ASIL Cables

By: Ahmad Shah Katawazai | April 17, 2017 |

On Friday, April 14, 2017, in an interesting panel on the Emerging Law of Energy Transition moderated by Hari Osofsky and Jacqueline Peel, participants Elliot Diringer, Deepa Badrinarayana and Myles Culhane explored and discussed climate change and modern ways of energy transition.

Professor Hari M. Osofsky is the Robins Kaplan Professor of Law; the Faculty Director of the Energy Transition Lab; and the Director of the Joint Degree Program in Law, Science, and Technology at the University of Minnesota Law School.

Professor Jacqueline Peel, of the University of Melbourne...

By: Jasmine Rayée | April 17, 2017 |

Jim Goldstone (Open Society Justice Initiative) introduced a timely panel evaluating the future of the international criminal justice system. He noted that despite its significant achievements, the field has come under attack, both in the form of predictable political backlash and the criticism of the ICC’s focus on Africa.

 

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By: Ahmad Shah Katawazai | April 16, 2017 |

On Friday, April 14, an engaging panel discussed and elaborated the bases for jurisdiction in private international disputes.

The panel participants included Carolyn Lamm, a lead counsel in arbitration-related litigation matters and Professor of International Investment Arbitration at the University of Miami School of Law in the White & Case LLM program in International Arbitration; Marta Pertegas, a lawyer with extensive experience on the Hague Convention on recognition and enforcement of foreign judgments; George A. Bermann, a renowned lawyer and the director for the Center...

By: Ahmad Shah Katawazai | April 16, 2017 |

The panel of speakers included Professor Margaret M. deGuzman, who is a professor of criminal law, international criminal law, and transitional justice at Temple University School of Law. She is currently participating in an international expert group studying the proposed addition of criminal jurisdiction to the mandate of the African Court on Human and Peoples’ Rights.

Stephen J. Rapp is an American lawyer and the former United States Ambassador-at-Large for War Crimes Issues in the Office of Global Criminal Justice.

Dr. Godfrey Musila holds a Ph.D in International Criminal...

By: Isabel San Martin | April 16, 2017 |

Speakers: Valerie Hughes (Queens University), Luke Sobota (Three Crowns LLP), Ricardo Ramirez Hernandez (WTO Appellate Body) and Andrea Bjorklund (McGill University)

Valerie Hughes – WTO

She gave three reasons why WTO adjudicators are independent:

1)     The way the dispute settlement system is designed.

The WTO Appellate Body is a standing body, which adds to the independence factor. The appellate body members shall be unaffiliated with any government and they shall be broadly representative of the WTO membership.

In any given...

By: Pei-Lun Tsai | April 16, 2017 |

This session was co-sponsored by the Lieber Society on the Law of Armed Conflict and the International Criminal Law Interest Group.

The moderator, Christie Edwards from American Red Cross International Humanitarian Law Division, opened the session by introducing the background and format. Recent practice of the United States and other states targeting the revenue sources of ISIL for attacks triggers the question of whether such sources are lawful targets under international humanitarian law (IHL) and tests the line between military objectives and civilian objects. The...

By: Isabel San Martin | April 16, 2017 |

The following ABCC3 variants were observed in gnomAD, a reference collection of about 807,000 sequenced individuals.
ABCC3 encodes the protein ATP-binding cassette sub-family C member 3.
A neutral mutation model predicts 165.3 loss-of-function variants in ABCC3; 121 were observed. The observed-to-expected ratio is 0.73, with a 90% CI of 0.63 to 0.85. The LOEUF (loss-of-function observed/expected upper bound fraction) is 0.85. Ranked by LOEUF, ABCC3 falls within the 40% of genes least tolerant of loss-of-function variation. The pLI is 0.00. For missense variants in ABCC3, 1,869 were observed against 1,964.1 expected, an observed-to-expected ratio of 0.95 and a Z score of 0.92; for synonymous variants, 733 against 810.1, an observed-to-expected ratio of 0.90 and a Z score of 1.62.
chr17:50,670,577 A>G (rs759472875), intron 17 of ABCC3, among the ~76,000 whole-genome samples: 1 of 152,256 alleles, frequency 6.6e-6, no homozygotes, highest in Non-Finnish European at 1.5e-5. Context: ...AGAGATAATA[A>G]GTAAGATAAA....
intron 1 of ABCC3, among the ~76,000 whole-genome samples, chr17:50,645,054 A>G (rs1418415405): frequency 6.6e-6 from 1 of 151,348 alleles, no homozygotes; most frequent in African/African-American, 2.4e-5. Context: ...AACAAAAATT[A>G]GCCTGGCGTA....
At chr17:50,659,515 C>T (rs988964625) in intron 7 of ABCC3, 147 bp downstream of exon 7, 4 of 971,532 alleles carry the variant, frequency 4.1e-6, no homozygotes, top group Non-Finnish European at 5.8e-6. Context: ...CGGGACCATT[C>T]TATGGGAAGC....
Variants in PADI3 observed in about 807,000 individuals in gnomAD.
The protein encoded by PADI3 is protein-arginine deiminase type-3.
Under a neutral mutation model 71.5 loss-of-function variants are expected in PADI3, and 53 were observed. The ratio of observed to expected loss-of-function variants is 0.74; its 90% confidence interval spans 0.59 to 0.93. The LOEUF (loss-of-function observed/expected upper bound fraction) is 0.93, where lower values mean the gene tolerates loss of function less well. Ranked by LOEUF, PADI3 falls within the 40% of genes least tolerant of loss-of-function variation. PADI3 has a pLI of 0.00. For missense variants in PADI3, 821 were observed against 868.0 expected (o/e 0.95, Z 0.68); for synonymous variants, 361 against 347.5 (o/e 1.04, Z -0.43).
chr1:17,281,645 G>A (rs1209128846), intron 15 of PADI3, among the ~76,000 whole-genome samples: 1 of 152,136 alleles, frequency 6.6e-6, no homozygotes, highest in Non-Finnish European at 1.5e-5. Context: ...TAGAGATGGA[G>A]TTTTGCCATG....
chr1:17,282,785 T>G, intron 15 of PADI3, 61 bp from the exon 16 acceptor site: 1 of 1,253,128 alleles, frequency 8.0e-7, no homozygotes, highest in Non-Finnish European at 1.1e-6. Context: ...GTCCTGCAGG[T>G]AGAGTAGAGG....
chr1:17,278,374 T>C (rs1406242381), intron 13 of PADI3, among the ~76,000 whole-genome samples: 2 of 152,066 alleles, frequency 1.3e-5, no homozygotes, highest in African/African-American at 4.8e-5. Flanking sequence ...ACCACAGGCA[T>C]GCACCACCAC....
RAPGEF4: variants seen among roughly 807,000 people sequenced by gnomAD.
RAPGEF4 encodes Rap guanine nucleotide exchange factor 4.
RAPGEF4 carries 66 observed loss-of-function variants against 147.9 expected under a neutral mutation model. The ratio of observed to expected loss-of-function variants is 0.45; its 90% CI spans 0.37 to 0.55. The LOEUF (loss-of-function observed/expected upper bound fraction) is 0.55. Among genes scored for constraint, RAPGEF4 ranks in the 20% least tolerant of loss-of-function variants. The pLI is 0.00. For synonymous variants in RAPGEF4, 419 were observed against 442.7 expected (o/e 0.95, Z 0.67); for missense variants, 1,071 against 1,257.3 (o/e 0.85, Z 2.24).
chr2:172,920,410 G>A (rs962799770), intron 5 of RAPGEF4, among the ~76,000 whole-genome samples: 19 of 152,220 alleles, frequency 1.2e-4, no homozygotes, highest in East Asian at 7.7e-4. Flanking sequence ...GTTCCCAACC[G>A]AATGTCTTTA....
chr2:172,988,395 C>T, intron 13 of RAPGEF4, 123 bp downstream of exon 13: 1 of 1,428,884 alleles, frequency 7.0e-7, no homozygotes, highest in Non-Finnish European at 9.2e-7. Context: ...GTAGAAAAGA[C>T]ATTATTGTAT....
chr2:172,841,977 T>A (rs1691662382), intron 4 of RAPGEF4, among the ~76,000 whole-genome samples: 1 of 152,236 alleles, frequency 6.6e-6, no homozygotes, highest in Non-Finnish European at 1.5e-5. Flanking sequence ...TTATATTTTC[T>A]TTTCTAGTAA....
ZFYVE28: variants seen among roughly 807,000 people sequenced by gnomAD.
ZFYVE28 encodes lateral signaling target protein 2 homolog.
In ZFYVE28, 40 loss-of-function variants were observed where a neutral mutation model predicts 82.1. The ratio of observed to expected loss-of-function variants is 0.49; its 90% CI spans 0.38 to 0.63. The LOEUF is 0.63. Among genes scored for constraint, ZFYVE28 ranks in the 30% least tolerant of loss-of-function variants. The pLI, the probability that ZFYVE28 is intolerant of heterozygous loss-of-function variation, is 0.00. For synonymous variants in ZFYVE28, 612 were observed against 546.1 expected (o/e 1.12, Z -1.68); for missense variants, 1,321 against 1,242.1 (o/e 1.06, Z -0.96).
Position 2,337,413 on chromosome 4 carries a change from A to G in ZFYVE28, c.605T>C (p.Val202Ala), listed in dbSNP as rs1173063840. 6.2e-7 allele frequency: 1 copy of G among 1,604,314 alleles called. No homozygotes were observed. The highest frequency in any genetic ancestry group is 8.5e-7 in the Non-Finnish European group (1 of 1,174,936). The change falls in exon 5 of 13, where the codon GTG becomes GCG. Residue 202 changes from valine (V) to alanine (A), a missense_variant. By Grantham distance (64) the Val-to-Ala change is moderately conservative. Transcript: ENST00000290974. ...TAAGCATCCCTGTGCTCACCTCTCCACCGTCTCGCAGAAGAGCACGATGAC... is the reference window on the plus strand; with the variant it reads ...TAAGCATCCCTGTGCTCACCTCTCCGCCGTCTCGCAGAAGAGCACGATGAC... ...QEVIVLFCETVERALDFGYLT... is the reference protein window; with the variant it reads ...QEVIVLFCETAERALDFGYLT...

Moderator: Alejandro Sousa (UN General Assembly).

Speakers: Simon Chesterman (National University of Singapore Faculty of Law), Patricia Galvão Teles (UN International Law Commission - ILC), and Andreas Vaagt (UN Secretariat).

Simon Chesterman

He provided the academic perspective by defining the concept of accountability, which he introduced with the following question: Who is accountable for what?

For what: He started by asking whether the UN should be bound by rules at all, and the difficulty in answering this question given the...

By: Amy Porges | April 16, 2017 |

On April 14, Gary Hufbauer of the Peterson Institute chaired a discussion on trade policy in the Trump Administration’s first 100 days, with four well-informed panelists: Rachel Brewster of Duke Law, Warren Maruyama of Hogan Lovells, Aaditya Mattoo of the World Bank’s Development Research Group, Michael Smart of Rock Creek Global Advisors.

Mattoo set the scene for the discussion by analyzing the recent backlash against globalization.  In his diagnosis, the backlash may be a historical inevitability, linked in part to the catch-up of China -- but it is narrow in scope.  The...

By: Charles Bjork | April 15, 2017 |

Thomas Antkowiak, a member of the faculty at Seattle University School of Law, served as the moderator.  Members of the panel included Bernard Duhaime, Professor of Law at the University of Quebec in Montreal and Vice Chair of the United Nations Working Group on Enforced or Involuntary Disappearances; Alejandra Gonza, Director of the International Human Rights Clinic at the University of Washington School of Law; and Viviana Krsticevic, the Executive Director of the Center for Justice and International Law and an Adjunct Professor at the American University’s Washington College of Law....

By: Marylin J. Raisch | April 15, 2017 |

Moderator: Oonagh Fitzgerald, Centre for International Governance Innovation

Speakers:

Eileen Donohoe, formerly of UN Human Rights Council; currently with Stanford University Emma Llanso, Free Expression Project, Center for Democracy and Technology Peter van Valkenburgh, CoinCenter

The protection of the “digital individual” in human rights as well as in other areas of international law is a topic of great concern and some urgency. The rights advocates and the technology specialist on this panel set out the practical legal and technological...